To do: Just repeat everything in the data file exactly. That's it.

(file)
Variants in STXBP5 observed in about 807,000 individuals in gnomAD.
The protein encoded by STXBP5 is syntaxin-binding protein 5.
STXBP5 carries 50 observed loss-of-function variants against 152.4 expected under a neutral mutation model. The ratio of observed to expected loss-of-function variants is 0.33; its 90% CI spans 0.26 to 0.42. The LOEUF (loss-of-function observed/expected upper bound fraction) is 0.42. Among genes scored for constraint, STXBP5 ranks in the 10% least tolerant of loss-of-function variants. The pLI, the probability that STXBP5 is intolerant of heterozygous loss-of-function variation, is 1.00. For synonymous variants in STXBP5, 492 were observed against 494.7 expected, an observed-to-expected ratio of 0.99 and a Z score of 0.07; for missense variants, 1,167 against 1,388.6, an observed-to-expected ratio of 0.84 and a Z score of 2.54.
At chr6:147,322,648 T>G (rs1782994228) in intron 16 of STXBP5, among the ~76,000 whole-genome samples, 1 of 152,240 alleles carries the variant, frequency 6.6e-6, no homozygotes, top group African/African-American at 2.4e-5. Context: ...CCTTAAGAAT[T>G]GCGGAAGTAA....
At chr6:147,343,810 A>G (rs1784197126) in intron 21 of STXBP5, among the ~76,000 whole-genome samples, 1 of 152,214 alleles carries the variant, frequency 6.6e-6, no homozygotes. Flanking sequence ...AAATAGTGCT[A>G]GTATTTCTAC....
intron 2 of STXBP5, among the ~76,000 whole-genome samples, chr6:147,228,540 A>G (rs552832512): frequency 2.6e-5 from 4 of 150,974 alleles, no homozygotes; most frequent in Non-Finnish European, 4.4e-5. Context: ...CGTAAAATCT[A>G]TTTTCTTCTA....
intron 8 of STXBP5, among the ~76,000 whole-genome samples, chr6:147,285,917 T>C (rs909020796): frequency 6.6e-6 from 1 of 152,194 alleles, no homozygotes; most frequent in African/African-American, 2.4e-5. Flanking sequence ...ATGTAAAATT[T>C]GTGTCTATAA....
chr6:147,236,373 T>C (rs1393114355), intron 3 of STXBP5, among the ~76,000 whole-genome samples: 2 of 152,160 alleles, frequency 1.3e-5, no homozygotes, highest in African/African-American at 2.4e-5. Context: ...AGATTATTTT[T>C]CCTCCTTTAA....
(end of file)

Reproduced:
Variants in STXBP5 observed in about 807,000 individuals in gnomAD.
The protein encoded by STXBP5 is syntaxin-binding protein 5.
STXBP5 carries 50 observed loss-of-function variants against 152.4 expected under a neutral mutation model. The ratio of observed to expected loss-of-function variants is 0.33; its 90% CI spans 0.26 to 0.42. The LOEUF (loss-of-function observed/expected upper bound fraction) is 0.42. Among genes scored for constraint, STXBP5 ranks in the 10% least tolerant of loss-of-function variants. The pLI, the probability that STXBP5 is intolerant of heterozygous loss-of-function variation, is 1.00. For synonymous variants in STXBP5, 492 were observed against 494.7 expected, an observed-to-expected ratio of 0.99 and a Z score of 0.07; for missense variants, 1,167 against 1,388.6, an observed-to-expected ratio of 0.84 and a Z score of 2.54.
At chr6:147,322,648 T>G (rs1782994228) in intron 16 of STXBP5, among the ~76,000 whole-genome samples, 1 of 152,240 alleles carries the variant, frequency 6.6e-6, no homozygotes, top group African/African-American at 2.4e-5. Context: ...CCTTAAGAAT[T>G]GCGGAAGTAA....
At chr6:147,343,810 A>G (rs1784197126) in intron 21 of STXBP5, among the ~76,000 whole-genome samples, 1 of 152,214 alleles carries the variant, frequency 6.6e-6, no homozygotes. Flanking sequence ...AAATAGTGCT[A>G]GTATTTCTAC....
intron 2 of STXBP5, among the ~76,000 whole-genome samples, chr6:147,228,540 A>G (rs552832512): frequency 2.6e-5 from 4 of 150,974 alleles, no homozygotes; most frequent in Non-Finnish European, 4.4e-5. Context: ...CGTAAAATCT[A>G]TTTTCTTCTA....
intron 8 of STXBP5, among the ~76,000 whole-genome samples, chr6:147,285,917 T>C (rs909020796): frequency 6.6e-6 from 1 of 152,194 alleles, no homozygotes; most frequent in African/African-American, 2.4e-5. Flanking sequence ...ATGTAAAATT[T>C]GTGTCTATAA....
chr6:147,236,373 T>C (rs1393114355), intron 3 of STXBP5, among the ~76,000 whole-genome samples: 2 of 152,160 alleles, frequency 1.3e-5, no homozygotes, highest in African/African-American at 2.4e-5. Context: ...AGATTATTTT[T>C]CCTCCTTTAA....